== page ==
“I joined the University of Brighton in 2018 for my undergraduate degree in Fashion and Dress History (now renamed Fashion and Design History) with no idea of the career path I wanted to take. This degree gave me the opportunity to learn so many new things and understand what really interests me. I started a placement at the Old Police Cells Museum in my second year which was cut short (in-person) due to the outbreak of Covid. However, I was lucky enough to continue it online throughout the lockdowns, returning in-person to the museum in summer 2020. Volunteering here allowed me to realise that I really want to peruse working in the heritage sector.
Undertaking extensive research for a dissertation during lockdown was a challenge but it taught me to be resilient and look for alternative ways to find information. I utilised social media to connect with artists to build my research. My dissertation titled “Femininity and the Fashion Doll: How Contemporary Designers are Engaging with the Barbie Doll”.
Finally knowing what career path I wanted to take, I applied for Curating Collections and Heritage (MA). I was delighted to be awarded the “Change Studentship” which funded my studies. The award has allowed me to fully focus on my studies and professional development. I was able to increase the time I dedicated to volunteering at The Old Police Cells Museum as Conservation Manager. My role here reinforced my love for collections management and solidified my ambition to peruse a career in collections. Because of the studentship, I volunteered here two days a week. I also gained experience managing a team of volunteers, as well as develop key procedures to take care of the collection held at the museum. This extra commitment to the museum has resulted in me achieving a paid position within the museum as Museum and Conservation Manager. Through this new role, I have been able to transfer my academic knowledge to practice by developing my curation skills. This has been apparent most recently through a Museums Development grant which is funding our latest exhibition titled “Civil Disobedience”. I have been overseeing, and project managing the fulfilment of this grant, and I am excited to see the results of this exhibition this month (September 2022).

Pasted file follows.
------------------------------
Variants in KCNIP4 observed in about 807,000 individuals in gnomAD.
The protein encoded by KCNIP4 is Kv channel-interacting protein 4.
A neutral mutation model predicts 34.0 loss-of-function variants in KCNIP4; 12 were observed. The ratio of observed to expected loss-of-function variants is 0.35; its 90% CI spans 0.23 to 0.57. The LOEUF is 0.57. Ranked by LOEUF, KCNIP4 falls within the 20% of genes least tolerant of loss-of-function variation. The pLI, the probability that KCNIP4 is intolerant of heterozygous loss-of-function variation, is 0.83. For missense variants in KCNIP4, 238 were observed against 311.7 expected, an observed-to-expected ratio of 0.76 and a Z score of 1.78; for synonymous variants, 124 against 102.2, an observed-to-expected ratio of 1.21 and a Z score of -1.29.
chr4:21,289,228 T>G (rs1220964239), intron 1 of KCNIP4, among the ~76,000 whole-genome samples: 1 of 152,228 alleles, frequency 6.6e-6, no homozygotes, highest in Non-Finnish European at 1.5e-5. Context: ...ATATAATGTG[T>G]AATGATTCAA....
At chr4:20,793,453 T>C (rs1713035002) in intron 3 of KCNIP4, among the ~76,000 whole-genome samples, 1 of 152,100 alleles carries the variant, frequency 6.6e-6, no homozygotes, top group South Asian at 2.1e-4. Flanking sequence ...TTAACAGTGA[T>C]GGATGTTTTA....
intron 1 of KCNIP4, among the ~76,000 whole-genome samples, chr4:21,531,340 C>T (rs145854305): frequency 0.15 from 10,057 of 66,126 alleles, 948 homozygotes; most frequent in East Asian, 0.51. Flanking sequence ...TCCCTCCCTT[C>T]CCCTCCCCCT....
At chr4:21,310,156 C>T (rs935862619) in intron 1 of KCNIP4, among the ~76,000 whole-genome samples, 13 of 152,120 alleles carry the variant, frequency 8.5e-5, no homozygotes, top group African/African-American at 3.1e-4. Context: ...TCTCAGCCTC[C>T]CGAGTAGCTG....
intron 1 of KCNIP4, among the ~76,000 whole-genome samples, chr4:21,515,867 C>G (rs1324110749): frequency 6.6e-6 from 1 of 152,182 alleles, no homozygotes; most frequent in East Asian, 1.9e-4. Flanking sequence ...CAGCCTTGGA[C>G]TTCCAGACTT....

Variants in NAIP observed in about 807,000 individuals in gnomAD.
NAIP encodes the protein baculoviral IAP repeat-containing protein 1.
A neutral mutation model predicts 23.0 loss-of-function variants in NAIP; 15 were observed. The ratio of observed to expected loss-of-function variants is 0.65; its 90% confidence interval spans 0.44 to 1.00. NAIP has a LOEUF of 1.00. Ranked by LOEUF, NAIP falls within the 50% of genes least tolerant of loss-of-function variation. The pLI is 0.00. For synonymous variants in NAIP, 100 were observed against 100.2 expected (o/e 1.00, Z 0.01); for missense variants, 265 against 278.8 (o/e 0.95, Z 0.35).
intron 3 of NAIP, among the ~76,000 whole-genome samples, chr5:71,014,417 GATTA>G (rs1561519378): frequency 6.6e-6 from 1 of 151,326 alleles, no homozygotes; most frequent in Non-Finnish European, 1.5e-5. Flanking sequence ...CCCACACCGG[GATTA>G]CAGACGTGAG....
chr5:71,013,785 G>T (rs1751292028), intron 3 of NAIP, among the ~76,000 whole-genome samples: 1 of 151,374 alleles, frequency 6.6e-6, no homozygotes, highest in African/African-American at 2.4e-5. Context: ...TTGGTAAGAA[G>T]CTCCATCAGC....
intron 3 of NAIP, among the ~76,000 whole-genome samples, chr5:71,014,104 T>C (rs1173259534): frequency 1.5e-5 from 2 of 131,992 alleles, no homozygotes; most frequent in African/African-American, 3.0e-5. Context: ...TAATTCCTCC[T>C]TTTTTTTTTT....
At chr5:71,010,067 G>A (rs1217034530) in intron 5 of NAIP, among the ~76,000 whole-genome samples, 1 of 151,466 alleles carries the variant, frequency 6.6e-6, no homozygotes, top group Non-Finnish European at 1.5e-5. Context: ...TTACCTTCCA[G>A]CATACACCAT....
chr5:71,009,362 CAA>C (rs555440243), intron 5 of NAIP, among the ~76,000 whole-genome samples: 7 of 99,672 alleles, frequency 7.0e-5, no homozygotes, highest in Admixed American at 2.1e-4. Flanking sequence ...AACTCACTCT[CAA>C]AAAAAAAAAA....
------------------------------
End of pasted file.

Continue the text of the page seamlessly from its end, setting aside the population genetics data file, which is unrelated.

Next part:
The studentship also provided me with a mentor, a freelance curator in the museum industry. We have met multiple times to discuss career development opportunities and have now developed an excellent working relationship. My mentor’s knowledge and insights into the industry have been vital in my understanding of the museum world. I am very appreciative of this connection and hope it continues after my studies finish. In the future, I’m hoping to continue working within the heritage industry.
The Change Studentship has been a real driving force for me to focus on my studies and career development. I think it is important for donors to continue supporting students in the future because it provides people with an opportunity to study and achieve their goals. It also allows people that might otherwise not be able to afford university a chance to get a degree or provide them time to volunteer alongside their degree in the industry they want to enter. So often jobs now need previous experience even if they are entry level and the only way to get this is through working for free which is a privilege not everyone has access to. Through donations, people can do this, which in turn can diversify work forces by giving everyone equal opportunities. Thank you to the James Henry Green Charitable Trust via the Royal Pavilion and Museums Trust.”
Some photos show Rachel at her recent installation of the new exhibition at the museum.
For more information about the Change Studentship, click here.
For more information about our scholarships and awards, click here.